Tight hamstring causes Morton's exit

Tight hamstring causes Morton's exit

ATLANTA -- Charlie Morton's anticipated Pirates debut lasted only one inning on Wednesday before he was removed because of mild tightness in his left hamstring. The report after the Pirates' 3-2 win over the Braves, though, is that the injury is not expected to keep Morton from missing his next scheduled start.

That start would fall next Tuesday, when the Pirates travel to Minneapolis to open a three-game Interleague series.

Morton felt a bit of soreness in the hamstring while doing some pregame stretching and alerted the Pirates' staff to the minor discomfort. Though Morton didn't feel any pain while making his warmup pitches or while pitching a scoreless first inning, the Pirates opted to be cautious and remove the right-hander from the game after only 13 pitches.

"I came back after the first inning and from the feedback they got, they decided to take me out after the first inning," said Morton, one of three players the Pirates acquired in last week's trade that sent Nate McLouth to the Braves. "I was anxious coming back here to Atlanta and hopefully get some quality innings in. It's unfortunate."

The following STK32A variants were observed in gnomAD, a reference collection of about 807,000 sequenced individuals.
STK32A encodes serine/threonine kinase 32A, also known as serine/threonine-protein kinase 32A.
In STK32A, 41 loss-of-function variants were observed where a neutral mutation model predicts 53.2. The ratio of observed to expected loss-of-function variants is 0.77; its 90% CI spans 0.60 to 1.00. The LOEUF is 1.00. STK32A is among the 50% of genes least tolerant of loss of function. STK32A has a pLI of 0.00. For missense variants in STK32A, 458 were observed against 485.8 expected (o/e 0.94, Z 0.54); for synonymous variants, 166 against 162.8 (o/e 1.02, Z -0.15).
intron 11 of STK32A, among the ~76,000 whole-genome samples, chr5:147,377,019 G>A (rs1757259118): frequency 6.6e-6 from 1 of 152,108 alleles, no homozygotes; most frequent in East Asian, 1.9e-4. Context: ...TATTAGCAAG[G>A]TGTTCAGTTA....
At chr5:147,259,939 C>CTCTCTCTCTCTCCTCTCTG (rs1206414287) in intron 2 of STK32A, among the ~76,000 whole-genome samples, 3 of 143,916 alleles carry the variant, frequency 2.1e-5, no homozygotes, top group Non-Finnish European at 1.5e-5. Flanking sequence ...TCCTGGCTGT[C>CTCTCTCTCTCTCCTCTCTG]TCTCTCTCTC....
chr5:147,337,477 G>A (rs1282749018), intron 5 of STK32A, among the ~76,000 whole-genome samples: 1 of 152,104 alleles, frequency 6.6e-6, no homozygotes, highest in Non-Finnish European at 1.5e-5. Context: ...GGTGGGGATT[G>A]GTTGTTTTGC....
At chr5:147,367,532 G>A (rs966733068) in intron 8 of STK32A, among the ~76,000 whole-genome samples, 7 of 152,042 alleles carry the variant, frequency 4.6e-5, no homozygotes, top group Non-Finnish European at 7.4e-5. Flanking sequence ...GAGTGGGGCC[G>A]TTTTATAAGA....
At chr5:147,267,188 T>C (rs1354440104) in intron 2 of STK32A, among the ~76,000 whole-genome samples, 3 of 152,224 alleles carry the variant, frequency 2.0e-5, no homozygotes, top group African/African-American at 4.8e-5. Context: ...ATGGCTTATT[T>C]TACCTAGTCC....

Manager John Russell said afterward that the biggest concern was Morton's mobility and ability to cover first if needed. Morton was replaced by Jeff Karstens, the pitcher whose rotation spot Morton had just taken.

"Physically, other than the leg, I felt good," Morton said. "Mentally, I felt pretty comfortable. I'm really excited to be here. I really am. I'm just really excited."

Morton is listed as day-to-day and will be checked out by the medical staff again on Thursday. However, indications after Wednesday's game were that the injury was minimal enough that Morton should be ready to pitch next Tuesday.

"That was pretty electric stuff that first inning," Russell said. "I wish we could have seen more of it. He was pretty good. Hopefully we can get over this strain and he can continue to start."

Jenifer Langosch is a reporter for MLB.com. This story was not subject to the approval of Major League Baseball or its clubs.